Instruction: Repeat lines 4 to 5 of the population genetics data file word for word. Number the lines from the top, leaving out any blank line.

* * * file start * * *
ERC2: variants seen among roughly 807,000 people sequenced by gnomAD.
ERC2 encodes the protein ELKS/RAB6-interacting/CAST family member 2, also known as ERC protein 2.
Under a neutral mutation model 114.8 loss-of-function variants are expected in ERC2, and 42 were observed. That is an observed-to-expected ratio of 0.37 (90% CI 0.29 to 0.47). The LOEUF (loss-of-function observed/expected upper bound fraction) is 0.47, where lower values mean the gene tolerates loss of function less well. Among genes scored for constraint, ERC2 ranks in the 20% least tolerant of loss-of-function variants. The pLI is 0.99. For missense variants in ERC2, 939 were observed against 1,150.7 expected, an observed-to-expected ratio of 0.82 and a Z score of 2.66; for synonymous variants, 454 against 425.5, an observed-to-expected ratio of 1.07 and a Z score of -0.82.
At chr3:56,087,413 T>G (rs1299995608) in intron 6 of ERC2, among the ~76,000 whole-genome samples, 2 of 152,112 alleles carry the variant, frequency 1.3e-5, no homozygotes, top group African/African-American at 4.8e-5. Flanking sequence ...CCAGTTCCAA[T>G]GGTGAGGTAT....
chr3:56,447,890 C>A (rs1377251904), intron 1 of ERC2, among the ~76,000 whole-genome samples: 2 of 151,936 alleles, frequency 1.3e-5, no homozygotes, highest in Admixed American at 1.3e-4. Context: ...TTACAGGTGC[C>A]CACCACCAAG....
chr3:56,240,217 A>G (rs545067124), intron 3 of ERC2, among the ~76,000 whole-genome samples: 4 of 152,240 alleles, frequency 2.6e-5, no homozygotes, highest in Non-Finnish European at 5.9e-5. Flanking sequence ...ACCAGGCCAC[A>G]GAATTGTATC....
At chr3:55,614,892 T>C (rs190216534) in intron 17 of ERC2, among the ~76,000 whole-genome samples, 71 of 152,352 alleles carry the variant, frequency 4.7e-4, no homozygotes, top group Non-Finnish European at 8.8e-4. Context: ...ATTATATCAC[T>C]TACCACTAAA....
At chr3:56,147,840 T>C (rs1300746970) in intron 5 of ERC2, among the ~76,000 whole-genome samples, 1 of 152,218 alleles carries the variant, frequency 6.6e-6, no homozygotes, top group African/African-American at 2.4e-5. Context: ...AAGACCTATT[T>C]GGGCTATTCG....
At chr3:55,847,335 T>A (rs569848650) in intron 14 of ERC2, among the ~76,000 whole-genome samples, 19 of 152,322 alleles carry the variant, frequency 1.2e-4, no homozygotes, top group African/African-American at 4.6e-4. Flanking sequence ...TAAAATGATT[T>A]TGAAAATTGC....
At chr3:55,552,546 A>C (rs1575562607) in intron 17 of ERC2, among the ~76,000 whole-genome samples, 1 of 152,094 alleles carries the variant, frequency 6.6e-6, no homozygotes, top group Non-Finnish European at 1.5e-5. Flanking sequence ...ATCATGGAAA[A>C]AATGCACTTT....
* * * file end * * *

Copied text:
At chr3:56,087,413 T>G (rs1299995608) in intron 6 of ERC2, among the ~76,000 whole-genome samples, 2 of 152,112 alleles carry the variant, frequency 1.3e-5, no homozygotes, top group African/African-American at 4.8e-5. Flanking sequence ...CCAGTTCCAA[T>G]GGTGAGGTAT....
chr3:56,447,890 C>A (rs1377251904), intron 1 of ERC2, among the ~76,000 whole-genome samples: 2 of 151,936 alleles, frequency 1.3e-5, no homozygotes, highest in Admixed American at 1.3e-4. Context: ...TTACAGGTGC[C>A]CACCACCAAG....